How Much do ‘Bachelor’ and ‘Bachelorette’ Instagram Influencers Make?
Bachelor and Bachelorette contestants have a lot to lose by appearing on ABC’s hit reality show. They could put themselves out there only to end up heartbroken or worse–painted as a villain. But there’s also a lot to gain. Not all, but many of the show’s contestants go on to become successful entrepreneurs (some have opened clothing stores, some make their own bottles of wine, others go on to, believe it or not, write children’s books).
In fact, the allurement of appearing on the show with the hopes of coming out the other side as an Instagram influencer or entrepreneur is so sweet that signing up for The Bachelor or The Bachelorette “for the right reasons” is an ongoing, legitimate concern.
Colton Underwood, the most recent Bachelor, was incredibly concerned about his contestants being there “for the right reasons.” It seemed that every woman he sent home would hauntingly warn him that some of the remaining contestants weren’t there for marriage. Whether his concerns were valid (he still ended up with a woman who wasn’t ready for marriage–she even told him on one of their final dates she wasn’t sure she was ready for a relationship), many of the women on his season went on to gain huge Instagram followings. Some of them have already begun selling sunglasses, watches, and smoothies.
How much are ‘Bachelor’ and ‘Bachelorette’ Instagram influencers actually making?
Influencers are typically pretty tight-lipped about their income. Whether they’re embarrassed, it’s in their contracts to keep quiet, or they don’t want to give away any trade secrets is still a mystery. But we can go off of what industry experts say and fill in the blanks with a little math.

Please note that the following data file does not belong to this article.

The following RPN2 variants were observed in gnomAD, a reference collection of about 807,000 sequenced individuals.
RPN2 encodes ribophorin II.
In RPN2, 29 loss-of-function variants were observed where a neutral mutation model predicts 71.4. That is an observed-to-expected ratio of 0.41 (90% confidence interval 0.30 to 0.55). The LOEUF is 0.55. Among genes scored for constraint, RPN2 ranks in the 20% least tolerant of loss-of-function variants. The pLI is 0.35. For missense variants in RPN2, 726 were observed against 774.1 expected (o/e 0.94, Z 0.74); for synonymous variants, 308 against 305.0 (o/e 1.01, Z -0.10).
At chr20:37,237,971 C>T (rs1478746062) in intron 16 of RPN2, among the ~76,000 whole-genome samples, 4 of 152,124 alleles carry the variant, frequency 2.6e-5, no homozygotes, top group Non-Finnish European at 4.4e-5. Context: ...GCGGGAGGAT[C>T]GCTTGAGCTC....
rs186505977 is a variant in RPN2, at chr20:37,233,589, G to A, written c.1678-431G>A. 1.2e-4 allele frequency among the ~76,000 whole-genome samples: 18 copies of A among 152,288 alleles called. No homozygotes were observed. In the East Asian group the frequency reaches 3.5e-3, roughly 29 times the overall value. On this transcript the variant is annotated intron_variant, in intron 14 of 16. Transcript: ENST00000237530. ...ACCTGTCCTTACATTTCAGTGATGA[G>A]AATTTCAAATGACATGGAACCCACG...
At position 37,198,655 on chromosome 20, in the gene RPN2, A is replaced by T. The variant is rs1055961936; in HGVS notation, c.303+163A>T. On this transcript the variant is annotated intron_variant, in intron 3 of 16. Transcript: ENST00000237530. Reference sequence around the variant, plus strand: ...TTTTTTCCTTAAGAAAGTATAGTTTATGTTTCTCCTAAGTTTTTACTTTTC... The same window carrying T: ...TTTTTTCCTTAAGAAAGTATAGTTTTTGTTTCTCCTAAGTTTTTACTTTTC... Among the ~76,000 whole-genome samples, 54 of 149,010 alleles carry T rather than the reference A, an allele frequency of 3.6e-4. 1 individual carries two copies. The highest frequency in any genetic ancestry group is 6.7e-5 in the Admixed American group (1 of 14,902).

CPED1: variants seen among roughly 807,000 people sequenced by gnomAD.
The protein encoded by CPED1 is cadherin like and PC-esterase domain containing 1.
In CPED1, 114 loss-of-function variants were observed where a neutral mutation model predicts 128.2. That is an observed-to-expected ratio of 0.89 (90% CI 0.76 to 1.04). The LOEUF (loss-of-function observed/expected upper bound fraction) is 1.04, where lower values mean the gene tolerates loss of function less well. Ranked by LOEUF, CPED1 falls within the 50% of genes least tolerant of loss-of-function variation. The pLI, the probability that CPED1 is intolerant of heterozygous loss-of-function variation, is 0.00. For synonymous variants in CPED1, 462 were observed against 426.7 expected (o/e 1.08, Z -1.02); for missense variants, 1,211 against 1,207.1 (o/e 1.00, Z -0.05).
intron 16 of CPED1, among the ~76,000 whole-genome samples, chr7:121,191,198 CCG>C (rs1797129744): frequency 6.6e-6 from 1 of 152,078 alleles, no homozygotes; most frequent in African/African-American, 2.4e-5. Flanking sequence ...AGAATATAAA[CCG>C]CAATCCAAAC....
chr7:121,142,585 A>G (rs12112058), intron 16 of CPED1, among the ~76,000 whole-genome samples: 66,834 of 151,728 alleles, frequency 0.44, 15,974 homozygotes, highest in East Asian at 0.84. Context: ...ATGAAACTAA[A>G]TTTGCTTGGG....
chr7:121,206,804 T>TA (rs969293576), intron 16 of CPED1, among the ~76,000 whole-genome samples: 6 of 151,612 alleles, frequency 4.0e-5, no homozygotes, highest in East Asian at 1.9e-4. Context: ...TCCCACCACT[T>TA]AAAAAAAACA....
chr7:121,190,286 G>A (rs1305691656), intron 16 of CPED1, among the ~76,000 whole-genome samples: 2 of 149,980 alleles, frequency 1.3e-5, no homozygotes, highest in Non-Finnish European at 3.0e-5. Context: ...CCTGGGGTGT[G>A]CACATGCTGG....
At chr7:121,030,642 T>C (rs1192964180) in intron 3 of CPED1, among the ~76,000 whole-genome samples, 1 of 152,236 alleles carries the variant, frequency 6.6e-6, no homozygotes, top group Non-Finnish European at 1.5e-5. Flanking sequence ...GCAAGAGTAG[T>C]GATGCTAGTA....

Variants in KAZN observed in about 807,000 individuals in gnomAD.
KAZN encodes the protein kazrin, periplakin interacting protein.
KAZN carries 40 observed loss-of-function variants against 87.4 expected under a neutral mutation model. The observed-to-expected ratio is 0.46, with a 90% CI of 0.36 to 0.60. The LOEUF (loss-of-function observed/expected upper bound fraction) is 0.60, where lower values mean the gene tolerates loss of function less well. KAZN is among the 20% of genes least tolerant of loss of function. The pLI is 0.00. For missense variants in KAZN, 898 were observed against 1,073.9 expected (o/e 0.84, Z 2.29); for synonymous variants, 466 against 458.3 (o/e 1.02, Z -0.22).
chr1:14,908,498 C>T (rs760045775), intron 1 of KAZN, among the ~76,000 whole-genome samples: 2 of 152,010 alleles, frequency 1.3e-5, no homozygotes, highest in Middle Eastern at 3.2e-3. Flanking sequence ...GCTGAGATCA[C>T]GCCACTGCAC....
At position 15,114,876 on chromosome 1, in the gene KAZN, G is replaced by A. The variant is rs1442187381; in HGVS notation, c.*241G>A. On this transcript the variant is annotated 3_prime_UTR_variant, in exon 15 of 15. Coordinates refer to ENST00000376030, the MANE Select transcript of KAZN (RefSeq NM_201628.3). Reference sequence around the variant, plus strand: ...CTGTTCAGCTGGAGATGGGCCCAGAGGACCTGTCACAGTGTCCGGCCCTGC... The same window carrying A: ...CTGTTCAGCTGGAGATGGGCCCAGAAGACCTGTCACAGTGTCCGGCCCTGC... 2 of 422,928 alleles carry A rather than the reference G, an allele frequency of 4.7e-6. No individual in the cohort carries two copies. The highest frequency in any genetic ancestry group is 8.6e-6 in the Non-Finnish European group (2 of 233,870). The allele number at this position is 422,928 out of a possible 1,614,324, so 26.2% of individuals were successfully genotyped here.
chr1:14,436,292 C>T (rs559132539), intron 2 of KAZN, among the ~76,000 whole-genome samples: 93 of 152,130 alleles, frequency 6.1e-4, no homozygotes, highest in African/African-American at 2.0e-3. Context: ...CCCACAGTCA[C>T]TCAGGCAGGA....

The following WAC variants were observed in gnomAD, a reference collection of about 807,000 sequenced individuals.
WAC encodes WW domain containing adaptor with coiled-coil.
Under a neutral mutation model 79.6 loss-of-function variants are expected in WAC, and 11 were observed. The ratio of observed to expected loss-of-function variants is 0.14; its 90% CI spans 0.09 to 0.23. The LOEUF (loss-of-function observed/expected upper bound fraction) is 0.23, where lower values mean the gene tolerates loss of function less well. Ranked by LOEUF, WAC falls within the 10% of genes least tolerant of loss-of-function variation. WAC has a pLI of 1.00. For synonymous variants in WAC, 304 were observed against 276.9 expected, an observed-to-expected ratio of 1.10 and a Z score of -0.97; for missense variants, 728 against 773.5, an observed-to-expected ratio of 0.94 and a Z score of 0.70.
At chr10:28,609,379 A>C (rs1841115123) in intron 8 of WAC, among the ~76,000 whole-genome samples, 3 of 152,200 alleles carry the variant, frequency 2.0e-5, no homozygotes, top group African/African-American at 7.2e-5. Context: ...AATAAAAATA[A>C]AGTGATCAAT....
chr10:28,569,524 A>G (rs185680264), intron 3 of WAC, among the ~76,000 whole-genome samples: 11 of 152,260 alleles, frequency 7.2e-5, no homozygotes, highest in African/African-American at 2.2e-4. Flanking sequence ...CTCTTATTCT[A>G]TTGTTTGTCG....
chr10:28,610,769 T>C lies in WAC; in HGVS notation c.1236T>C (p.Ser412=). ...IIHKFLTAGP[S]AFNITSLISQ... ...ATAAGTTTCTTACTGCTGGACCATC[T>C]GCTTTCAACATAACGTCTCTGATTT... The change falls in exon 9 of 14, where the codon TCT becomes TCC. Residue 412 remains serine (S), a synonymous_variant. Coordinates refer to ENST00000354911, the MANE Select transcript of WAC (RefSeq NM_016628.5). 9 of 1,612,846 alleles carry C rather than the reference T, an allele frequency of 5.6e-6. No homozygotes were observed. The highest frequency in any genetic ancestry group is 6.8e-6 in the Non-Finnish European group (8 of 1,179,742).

According to Mediakix, famous reality stars can make over $1 million a year just with Instagram advertisements.
Mediakix calculated that number by following popular current and former reality stars like Amanda Stanton and Ashley Iaconetti over a month’s time on Instagram. The publication counted sponsored content (about seven to eight posts a month) and multiplied it by the amount influencers can earn per post (about $5,000 to $15,000).
The company found that influencers with fewer followers and lower engagement earn roughly $444,000 a year and influencers with high all-around numbers can earn anywhere between $888,000 to $1.33 million.
According to Sarah Boyd, the founder of Simply, a digital influencer agency, reality stars can easily make six figures from sponsored social content. She says 100,000 followers translates to about $1,000 to $5,000 per post and having 1 million followers can earn you a starting rate of $10,000 per post.
Why do Instagrammers want to buy things from reality stars?
According to Boyd, the rise of the reality star has completely changed the advertising landscape. It’s incredibly expensive to get an A-list celebrity to post about using your product–it’s much more reasonable to have a reality star do it (even at $5,000 a post).
Additionally, people would rather buy products that reality stars are using over products that celebrities are using. Why? Because reality stars are closer to real people. If Jennifer Love Hewitt posts about a skin cream that she loves, you may automatically think it’s unaffordable and impractical. But if Hannah Godwin talks about her favorite makeup brushes, you might just be inspired to do some online shopping.
“America loves [reality stars] because they are real people. They can relate to them, which brands love because it translates to sales,” says Boyd.
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